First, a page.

RICHMOND, Va. -- Jimmy Dean, a country music legend for his smash hit about a workingman hero, "Big Bad John," and an entrepreneur known for his sausage brand, died on Sunday. He was 81.
His wife, Donna Meade Dean, said her husband died at their Henrico County, Va., home.
She said he had some health problems but was still functioning well, so his death came as a shock. She said he was eating in front of the television. She left the room for a time and came back and he was unresponsive. She said he was pronounced dead at 7:54 p.m.
"He was amazing," she said. "He had a lot of talents."
Born in 1928, Dean was raised in poverty in Plainview, Texas, and dropped out of high school after the ninth grade. He went on to a successful entertainment career in the 1950s and '60s that included the nationally televised "The Jimmy Dean Show."
In 1969, Dean went into the sausage business, starting the Jimmy Dean Meat Co. in his hometown. He sold the company to Sara Lee Corp. in 1984.
Dean lived in semi-retirement with his wife, who is a songwriter and recording artist, on their 200-acre estate just outside Richmond .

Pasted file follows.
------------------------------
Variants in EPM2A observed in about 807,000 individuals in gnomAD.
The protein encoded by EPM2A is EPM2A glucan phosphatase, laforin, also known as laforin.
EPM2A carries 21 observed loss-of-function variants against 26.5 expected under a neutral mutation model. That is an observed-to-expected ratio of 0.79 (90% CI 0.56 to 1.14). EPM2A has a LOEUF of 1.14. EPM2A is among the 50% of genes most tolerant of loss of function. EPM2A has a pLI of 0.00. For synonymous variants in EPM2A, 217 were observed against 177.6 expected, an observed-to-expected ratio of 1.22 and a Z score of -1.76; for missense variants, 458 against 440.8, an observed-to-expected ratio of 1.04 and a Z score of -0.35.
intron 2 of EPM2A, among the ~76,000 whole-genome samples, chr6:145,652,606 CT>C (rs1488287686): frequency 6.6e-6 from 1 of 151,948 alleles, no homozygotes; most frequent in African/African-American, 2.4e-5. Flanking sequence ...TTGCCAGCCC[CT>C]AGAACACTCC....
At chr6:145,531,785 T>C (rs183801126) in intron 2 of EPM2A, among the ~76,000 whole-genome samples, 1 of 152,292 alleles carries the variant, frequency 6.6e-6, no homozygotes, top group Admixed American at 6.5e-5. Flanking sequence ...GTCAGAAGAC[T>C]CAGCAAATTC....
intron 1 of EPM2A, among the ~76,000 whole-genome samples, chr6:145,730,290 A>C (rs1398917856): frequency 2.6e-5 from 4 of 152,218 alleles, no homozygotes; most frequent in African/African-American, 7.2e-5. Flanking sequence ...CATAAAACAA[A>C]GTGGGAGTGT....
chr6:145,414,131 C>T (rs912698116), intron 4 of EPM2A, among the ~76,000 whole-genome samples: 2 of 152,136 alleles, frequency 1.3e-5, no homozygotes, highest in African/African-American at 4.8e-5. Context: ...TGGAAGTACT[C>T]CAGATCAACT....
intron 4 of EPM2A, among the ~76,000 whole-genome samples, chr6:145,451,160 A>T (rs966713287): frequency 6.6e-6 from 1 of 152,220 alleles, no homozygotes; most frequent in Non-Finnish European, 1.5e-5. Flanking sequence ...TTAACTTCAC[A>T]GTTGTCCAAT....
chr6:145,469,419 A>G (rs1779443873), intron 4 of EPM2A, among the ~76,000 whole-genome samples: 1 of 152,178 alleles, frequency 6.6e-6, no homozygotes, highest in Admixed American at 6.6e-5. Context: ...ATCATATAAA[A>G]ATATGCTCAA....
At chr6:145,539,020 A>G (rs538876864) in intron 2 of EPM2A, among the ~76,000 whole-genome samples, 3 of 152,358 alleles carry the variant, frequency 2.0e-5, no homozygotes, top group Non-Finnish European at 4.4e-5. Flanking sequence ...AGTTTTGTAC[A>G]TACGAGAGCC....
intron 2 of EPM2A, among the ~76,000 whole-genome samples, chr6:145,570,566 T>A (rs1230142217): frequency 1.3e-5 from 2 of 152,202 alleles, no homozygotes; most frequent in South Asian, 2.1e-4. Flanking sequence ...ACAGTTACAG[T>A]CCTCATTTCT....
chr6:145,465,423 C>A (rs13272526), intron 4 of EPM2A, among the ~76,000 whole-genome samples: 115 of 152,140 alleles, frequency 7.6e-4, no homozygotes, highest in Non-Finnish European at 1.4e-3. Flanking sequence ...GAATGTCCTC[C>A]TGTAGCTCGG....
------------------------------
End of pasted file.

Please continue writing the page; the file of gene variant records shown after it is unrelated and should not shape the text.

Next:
In 2009 a fire gutted their home, but his Grammy for "Big Bad John," a puppet made by Muppets creator Jim Henson, a clock that had belonged to Prince Charles and Princess Diana and other valuables were saved.
Donna Meade Dean said the couple had just moved back into their reconstructed home.
With his drawled wisecracks and quick wit, Dean charmed many fans. But in both entertainment and business circles, he was also known for his tough hide. He fired bandmate Roy Clark, who went onto "Hee Haw" fame, for showing up late for gigs.
More recently, a scrap with Sara Lee led to national headlines. The Chicago-based company let him go as spokesman in 2003, inciting Dean's wrath. He issued a statement titled "Somebody doesn't like Sara Lee," claiming he was dumped because he got old.
"Big Bad John," which is about a coal miner who saves fellow workers when a mine roof collapses, became a big hit in 1961 and won a Grammy. The star wrote it in less than two hours.
His fame led him to a string of television shows, including "The Jimmy Dean Show" on CBS. Dean's last big TV stint was ABC's version of "The Jimmy Dean Show" from 1963 to 1966.
Dean in February was elected to the Country Music Hall of Fame. He was to be inducted in October .
Dean became a headliner at venues such as Carnegie Hall and the Hollywood Bowl and became the first country star to play on the Strip.
He was the first guest host on "The Tonight Show," and also was an actor with parts in television and the movies, including the role of James Bond's ally Willard Whyte in the 1971 film "Diamonds Are Forever."